There are individuals to whom attention must be paid. David Driskell was one of them. He had important lessons to impart—as a teacher, as a mentor, and as an example—not just to younger artists, but also to younger curators, directors, collectors, in fact anyone who is engaged in culture and the life of the mind.⠀
⠀Among the lessons he imparted were these: art goes beyond the realm of creativity; that, in fact, an artist doesn’t just work in a studio, but in the larger world; and that to exercise creative consciousness one must see oneself in relation to others.⠀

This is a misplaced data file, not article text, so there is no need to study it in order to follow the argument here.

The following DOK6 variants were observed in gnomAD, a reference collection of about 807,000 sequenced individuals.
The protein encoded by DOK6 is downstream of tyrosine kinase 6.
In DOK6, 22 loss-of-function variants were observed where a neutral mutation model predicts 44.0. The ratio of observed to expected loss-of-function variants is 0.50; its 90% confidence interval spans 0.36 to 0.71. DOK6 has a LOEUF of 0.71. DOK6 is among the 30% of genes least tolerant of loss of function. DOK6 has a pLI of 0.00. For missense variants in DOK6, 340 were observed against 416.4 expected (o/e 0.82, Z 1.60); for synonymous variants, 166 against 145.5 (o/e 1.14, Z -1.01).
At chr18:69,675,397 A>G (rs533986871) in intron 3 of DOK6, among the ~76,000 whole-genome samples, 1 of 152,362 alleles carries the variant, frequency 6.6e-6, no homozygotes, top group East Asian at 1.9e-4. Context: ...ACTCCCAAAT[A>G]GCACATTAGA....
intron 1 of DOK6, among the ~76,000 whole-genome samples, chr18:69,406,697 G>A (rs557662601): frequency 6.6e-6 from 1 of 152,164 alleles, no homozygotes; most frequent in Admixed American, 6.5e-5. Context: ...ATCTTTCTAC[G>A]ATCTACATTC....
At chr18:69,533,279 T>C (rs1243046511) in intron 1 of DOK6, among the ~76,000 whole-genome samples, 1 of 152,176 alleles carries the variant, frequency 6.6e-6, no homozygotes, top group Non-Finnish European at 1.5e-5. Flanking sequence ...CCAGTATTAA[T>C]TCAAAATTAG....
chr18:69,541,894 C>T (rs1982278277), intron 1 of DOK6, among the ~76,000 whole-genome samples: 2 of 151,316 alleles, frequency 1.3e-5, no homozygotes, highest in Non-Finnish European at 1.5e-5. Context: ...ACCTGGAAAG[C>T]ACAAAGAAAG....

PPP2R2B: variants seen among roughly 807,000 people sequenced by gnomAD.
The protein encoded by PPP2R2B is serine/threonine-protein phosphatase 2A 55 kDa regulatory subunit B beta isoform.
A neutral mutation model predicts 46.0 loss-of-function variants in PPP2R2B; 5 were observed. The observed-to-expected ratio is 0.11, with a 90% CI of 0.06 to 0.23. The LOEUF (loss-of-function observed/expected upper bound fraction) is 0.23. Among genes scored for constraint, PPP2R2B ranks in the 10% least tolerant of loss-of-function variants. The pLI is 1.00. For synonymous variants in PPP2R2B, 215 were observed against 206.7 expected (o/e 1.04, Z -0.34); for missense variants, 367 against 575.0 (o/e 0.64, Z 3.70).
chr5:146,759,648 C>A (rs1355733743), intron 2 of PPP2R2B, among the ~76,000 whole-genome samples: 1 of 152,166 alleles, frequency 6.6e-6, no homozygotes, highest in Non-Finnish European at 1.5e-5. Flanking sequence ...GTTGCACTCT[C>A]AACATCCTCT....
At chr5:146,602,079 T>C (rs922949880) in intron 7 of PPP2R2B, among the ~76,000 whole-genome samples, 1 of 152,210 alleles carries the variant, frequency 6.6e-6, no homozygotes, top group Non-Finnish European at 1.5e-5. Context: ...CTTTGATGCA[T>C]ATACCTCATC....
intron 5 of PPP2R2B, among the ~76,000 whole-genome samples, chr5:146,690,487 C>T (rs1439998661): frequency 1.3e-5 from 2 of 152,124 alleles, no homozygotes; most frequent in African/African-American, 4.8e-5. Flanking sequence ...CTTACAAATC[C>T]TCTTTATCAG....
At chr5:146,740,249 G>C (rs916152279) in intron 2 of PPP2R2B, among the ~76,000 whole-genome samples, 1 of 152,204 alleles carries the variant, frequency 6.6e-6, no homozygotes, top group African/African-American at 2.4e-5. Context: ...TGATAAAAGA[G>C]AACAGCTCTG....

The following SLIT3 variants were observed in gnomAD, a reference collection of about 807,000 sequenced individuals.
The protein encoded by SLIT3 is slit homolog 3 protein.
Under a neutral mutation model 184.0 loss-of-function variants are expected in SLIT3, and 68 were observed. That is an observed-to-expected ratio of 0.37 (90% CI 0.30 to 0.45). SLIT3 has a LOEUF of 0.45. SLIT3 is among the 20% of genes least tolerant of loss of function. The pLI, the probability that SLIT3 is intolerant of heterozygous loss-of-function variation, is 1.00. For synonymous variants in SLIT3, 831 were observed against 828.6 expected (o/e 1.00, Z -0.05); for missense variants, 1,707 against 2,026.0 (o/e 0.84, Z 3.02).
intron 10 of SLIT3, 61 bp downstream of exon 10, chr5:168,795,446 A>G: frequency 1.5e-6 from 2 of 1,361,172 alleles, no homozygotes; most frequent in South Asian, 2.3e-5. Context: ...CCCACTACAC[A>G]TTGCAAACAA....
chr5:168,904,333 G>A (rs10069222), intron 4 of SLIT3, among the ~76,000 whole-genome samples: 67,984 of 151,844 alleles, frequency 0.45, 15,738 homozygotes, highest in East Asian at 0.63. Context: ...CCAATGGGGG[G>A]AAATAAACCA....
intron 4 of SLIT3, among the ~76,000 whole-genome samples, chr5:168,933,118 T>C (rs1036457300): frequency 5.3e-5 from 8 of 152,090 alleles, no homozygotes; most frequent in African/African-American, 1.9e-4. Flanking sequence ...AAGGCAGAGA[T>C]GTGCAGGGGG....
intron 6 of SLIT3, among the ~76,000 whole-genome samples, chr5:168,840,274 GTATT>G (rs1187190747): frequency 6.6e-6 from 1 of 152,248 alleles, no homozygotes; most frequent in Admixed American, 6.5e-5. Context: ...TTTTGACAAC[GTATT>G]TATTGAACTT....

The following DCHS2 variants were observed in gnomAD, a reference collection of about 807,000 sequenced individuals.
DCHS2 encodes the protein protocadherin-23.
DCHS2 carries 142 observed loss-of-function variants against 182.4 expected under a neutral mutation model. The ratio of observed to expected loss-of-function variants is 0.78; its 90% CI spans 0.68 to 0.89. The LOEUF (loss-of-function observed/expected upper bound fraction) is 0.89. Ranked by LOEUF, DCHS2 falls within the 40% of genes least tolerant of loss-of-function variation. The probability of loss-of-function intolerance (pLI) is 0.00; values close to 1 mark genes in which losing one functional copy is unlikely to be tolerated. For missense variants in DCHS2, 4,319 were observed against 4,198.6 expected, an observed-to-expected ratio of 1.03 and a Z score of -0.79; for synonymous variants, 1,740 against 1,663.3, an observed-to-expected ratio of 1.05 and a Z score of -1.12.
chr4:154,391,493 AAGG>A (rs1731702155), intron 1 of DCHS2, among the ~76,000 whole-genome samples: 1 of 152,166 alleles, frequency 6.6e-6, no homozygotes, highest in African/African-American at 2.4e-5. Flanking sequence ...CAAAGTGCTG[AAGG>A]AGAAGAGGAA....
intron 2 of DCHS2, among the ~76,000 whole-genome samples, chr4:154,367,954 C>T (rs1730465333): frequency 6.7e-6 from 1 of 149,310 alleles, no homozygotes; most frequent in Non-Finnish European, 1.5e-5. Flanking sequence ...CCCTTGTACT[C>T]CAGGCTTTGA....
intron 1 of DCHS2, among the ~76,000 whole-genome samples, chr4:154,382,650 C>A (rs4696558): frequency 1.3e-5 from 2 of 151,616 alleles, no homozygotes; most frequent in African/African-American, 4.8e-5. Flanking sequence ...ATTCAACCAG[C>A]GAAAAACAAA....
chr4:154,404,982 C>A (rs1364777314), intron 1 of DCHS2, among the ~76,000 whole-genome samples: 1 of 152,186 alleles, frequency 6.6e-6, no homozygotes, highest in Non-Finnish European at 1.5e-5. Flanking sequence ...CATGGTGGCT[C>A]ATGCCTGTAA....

⠀But most important of all those lessons was this: there is a fundamental connectedness among us all that we must observe, one that transcends race, ethnicity, geography, and religion—in fact, all the things that some (especially these days) are inclined to use as barriers. He saw those barriers as bridges, and that is, perhaps, the most important lesson we have to learn from him.⠀
⠀In the sense that old hymnals use the word, he abides. We were blessed to have him among us.
— Kevin Grogan, director, Morris Museum of Art.⠀
Image: David Driskell, Ancient Dance, 1993. Collage and mixed media. ©️David C. Driskell. Morris Museum of Art, Augusta, Georgia.